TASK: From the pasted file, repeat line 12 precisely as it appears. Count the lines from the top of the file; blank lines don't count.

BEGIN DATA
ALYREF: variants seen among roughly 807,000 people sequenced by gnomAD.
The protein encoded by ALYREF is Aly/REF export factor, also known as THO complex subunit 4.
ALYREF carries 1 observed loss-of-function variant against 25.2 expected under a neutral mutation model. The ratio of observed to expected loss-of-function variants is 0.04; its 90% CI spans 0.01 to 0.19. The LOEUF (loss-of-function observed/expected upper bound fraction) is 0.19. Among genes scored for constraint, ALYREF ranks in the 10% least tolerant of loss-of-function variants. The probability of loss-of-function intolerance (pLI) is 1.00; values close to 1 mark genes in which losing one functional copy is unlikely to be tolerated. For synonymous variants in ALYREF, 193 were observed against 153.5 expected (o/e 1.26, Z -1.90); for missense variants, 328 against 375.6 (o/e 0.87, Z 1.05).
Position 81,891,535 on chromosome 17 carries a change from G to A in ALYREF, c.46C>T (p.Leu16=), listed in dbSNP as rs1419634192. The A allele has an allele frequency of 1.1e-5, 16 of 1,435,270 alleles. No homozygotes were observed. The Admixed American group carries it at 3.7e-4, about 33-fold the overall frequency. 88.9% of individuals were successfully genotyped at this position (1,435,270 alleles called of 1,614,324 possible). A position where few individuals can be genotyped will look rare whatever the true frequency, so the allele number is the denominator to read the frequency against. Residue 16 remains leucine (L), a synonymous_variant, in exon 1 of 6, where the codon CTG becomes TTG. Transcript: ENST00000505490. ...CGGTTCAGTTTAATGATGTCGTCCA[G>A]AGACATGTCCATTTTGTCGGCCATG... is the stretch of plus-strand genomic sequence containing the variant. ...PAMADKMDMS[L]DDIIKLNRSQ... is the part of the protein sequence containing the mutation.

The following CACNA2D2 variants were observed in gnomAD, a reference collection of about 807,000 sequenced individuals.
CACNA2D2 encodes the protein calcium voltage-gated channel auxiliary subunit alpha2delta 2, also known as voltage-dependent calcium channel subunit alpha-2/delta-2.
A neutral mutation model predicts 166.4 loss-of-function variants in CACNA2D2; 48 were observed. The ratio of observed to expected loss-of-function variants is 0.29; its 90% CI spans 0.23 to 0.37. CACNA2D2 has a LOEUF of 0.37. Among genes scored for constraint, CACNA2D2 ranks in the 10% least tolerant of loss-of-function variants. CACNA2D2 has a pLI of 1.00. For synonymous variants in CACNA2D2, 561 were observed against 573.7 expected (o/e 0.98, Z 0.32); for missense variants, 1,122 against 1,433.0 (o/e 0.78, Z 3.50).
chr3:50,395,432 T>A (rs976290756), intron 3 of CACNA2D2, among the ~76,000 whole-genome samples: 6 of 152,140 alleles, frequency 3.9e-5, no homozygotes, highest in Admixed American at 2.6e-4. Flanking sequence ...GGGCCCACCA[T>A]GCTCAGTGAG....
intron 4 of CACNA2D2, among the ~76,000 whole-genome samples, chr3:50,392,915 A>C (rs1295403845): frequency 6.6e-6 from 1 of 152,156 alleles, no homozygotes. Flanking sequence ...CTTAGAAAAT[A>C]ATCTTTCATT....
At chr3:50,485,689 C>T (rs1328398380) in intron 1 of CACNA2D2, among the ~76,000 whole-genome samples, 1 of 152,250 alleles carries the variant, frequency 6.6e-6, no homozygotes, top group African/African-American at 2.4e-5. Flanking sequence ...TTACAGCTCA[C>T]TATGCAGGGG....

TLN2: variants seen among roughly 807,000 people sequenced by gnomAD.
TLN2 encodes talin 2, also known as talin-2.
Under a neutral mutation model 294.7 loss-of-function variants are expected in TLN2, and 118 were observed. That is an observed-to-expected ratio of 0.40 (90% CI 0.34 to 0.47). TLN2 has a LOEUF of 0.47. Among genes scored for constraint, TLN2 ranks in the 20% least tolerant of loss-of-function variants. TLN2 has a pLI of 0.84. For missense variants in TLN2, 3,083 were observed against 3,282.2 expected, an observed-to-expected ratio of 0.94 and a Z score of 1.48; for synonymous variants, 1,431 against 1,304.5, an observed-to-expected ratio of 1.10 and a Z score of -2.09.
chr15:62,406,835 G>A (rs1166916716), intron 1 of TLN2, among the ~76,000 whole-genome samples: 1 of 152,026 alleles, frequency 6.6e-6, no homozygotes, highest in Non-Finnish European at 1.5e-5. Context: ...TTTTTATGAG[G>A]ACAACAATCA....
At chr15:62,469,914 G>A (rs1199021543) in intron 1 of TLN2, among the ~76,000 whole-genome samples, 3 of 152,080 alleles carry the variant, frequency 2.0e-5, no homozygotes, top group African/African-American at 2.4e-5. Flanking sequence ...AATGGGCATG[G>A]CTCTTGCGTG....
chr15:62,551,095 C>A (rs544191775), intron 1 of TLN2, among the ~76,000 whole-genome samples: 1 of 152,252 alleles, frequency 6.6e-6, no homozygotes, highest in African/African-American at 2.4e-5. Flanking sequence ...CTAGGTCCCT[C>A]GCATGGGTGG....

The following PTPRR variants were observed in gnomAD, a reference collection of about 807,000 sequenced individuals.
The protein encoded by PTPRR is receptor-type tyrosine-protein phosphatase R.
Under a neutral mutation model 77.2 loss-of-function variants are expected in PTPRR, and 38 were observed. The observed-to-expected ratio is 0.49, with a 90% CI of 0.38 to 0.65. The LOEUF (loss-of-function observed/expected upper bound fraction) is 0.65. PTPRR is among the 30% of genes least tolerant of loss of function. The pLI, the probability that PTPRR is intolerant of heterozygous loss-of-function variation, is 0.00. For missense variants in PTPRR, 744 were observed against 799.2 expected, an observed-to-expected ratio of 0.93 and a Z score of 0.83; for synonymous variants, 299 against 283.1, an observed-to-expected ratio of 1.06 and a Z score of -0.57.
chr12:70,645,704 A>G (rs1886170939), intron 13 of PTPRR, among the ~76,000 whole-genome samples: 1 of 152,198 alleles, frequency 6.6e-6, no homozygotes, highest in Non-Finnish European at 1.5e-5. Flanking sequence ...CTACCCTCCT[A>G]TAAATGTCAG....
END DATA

TLN2 encodes talin 2, also known as talin-2.